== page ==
CORRECTED-Japan's Nissan brings luxury Infiniti badge home
(Corrects third to last paragraph to say vehicle's starting price is around 4.5 million yen, not 4.8 million yen)
By Yoko Kubota
YOKOHAMA, Japan Nov 11 (Reuters) - Nissan Motor Co Ltd will start selling Infiniti badged cars in Japan for the first time, the company said, as it tries to position the second-tier luxury brand as a global competitor to prestige European cars.
Japan's second-biggest carmaker said on Monday it would sell its redesigned Skyline sedan with the Infiniti badge on the front, steering wheel and wheels from late February 2014. The Nissan Skyline sedan is sold overseas as Infiniti Q50.
The move is part of Chief Executive Carlos Ghosn's plan to develop the 25-year-old Infiniti brand - sold mainly in the United States - to compete globally with the likes of Volkswagen AG's Audi and Daimler AG's Mercedes-Benz.
Nissan Executive Vice President Andy Palmer said the redesigned Skyline with the Infiniti badge would be sold as the Nissan Skyline at Nissan dealerships in Japan.
"Skyline is a premium vehicle and in order to identify it as a premium vehicle, we apply the Infiniti badge," he told reporters at an embargoed briefing last month.
But the Yokohama-based company said it would not set up an Infiniti-only sales and service network in Japan; nor would it introduce a range of Infiniti vehicles in the home market.
Palmer neither confirmed or denied that Nissan would put the Infiniti badge on other cars sold in Japan, such as the Fuga, known as the Infiniti M overseas.
Infiniti accounts for around 3.5 percent of Nissan's total global sales. The United States is its biggest market, accounting for around 70 percent of the 172,615 Infiniti-branded vehicles sold around the world last financial year.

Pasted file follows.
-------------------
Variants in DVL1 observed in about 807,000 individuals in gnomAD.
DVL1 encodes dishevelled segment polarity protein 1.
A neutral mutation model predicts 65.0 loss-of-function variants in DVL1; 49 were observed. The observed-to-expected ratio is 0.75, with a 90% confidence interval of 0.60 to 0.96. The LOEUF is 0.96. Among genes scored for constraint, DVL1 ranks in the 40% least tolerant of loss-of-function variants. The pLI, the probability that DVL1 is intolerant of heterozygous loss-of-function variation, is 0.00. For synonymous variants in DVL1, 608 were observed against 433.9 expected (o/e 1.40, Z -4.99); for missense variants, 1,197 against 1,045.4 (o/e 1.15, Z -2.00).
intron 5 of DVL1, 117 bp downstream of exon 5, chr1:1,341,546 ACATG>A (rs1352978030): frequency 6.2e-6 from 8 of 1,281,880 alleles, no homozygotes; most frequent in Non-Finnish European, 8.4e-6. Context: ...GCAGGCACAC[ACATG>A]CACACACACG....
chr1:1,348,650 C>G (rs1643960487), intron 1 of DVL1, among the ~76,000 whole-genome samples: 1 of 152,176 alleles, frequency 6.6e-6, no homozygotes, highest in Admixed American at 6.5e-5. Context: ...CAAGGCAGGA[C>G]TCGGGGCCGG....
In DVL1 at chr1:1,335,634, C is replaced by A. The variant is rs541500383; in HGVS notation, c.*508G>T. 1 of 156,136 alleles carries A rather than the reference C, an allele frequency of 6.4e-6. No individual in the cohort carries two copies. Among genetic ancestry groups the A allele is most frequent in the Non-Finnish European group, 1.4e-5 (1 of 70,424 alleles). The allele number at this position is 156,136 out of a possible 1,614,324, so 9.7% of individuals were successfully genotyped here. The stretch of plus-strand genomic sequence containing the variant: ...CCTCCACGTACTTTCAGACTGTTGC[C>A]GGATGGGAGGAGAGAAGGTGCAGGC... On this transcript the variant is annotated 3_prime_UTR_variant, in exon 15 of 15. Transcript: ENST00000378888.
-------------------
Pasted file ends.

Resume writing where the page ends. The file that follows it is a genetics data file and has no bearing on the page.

Ghosn aims to triple Infiniti's global sales to 500,000 vehicles by around 2017, and expand its share of the premium market to 10 percent by the end of the decade. Nissan has not provided its current market share.
Nissan is beset by quality issues and declining profitability as it struggles to meet aggressive sales and production expansion targets set by Ghosn, who announced an executive reshuffle this month.
To better establish its image as a global premium brand, Infiniti last year separated itself from Nissan by setting up its headquarters in Hong Kong and named Johan de Nysschen, Audi's former boss in the United States, as president.
In Japan, the starting price of the redesigned Skyline with the Infiniti badge will be around 4.5 million yen ($45,400), up from the current model's $29,300, Nissan said.
The hike is largely because it is a hybrid model with new safety features such as emergency braking and a collision warning system, said Shingo Suzuki, a Nissan spokesman.
Nissan this month slashed its net profit outlook for the year ending March 2014 by nearly 20 percent to $3.6 billion after sales dropped in areas including China, India and Brazil. ($1 = 99.0800 Japanese yen) (Editing by Stephen Coates and David Holmes)